France targets Google, Amazon and Facebook with 3% digital tax

Key Points
  • The French government introduced a digital tax on Wednesday aimed at internet companies like Google, Facebook and Amazon.
  • The 3 percent tax will apply to the French revenues of big tech companies.
  • An EU-backed effort to pass a 3 percent tax on the revenues of internet companies failed last year.
France's Bruno Le Maire.
Eric Peirmont | AFP | Getty Images

The French government on Wednesday introduced a tax aimed at internet giants like Google, Amazon and Facebook, forging ahead with stricter regulation on big tech without broad-based support from the European Union.

The 3 percent tax will apply to the French revenues of roughly 30 major companies, mostly from the U.S.

France's Finance Minister Bruno Le Maire estimated the tax will raise roughly 500 million euros ($565 million) per year.

The French tax alone would represent just a sliver of the revenues of American tech giants. But it could pave the way for further regulation of U.S. tech companies in Europe, including an EU-wide digital tax.

An EU-backed effort to pass a 3 percent tax on the revenues of big internet companies failed last year amid concerns from countries including Ireland and Germany, who feared retaliation from the U.S. The Organization for Economic Cooperation and Development (OECD) is currently examining a global digital tax but has said it won't come to a conclusion until 2020.

France's Le Maire has been an outspoken proponent of a digital tax, arguing Google, Amazon and Facebook benefit from lower tax rates than European companies. The French minister has said France would withdraw its own tax once the OECD reaches an agreement.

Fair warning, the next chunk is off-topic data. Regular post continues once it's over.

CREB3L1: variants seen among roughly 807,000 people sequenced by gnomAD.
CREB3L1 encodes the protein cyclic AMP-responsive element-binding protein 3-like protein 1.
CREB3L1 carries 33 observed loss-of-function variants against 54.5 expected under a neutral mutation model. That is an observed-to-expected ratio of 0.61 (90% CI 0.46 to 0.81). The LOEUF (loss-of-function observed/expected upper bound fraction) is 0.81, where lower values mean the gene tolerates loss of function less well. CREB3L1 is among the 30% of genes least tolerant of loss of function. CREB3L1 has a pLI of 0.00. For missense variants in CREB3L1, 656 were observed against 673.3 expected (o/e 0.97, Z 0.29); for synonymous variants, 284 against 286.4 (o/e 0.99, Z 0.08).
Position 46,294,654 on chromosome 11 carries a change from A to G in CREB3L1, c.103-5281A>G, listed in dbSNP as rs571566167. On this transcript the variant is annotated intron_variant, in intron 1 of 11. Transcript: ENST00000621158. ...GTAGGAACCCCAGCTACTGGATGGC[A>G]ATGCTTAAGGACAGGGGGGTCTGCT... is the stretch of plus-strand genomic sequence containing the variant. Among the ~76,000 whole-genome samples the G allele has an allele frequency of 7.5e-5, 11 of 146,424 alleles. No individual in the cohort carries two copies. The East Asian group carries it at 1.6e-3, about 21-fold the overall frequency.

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Other countries including the U.K., Germany and Spain are also working on their own digital tax measures.

The French tax would apply to companies that generate worldwide revenues on their digital services of at least 750 million euros ($847 million), with 25 million euros ($28 million) from within France.

"We always pay all of the taxes due and comply with the tax laws in every country we operate in around the world. Google pays the vast majority of its corporate income tax in the United States, and we have paid a global effective tax rate of 23% over the last ten years," a spokesperson for Google told CNBC via email on Wednesday.

In an emailed statement to CNBC, Facebook said it pays all taxes required by law in the countries where it operates, adding it will continue to comply with French and European legislation.

"In France, we voluntarily set up a new sales and invoicing structure in 2018. From now on, all revenues from advertisers supported by our teams in France are recorded in France. We hope that the OECD will finish its work and create a clear, sustainable global agreement on tax," a Facebook spokesperson said.

Amazon was not immediately available for comment when contacted by CNBC.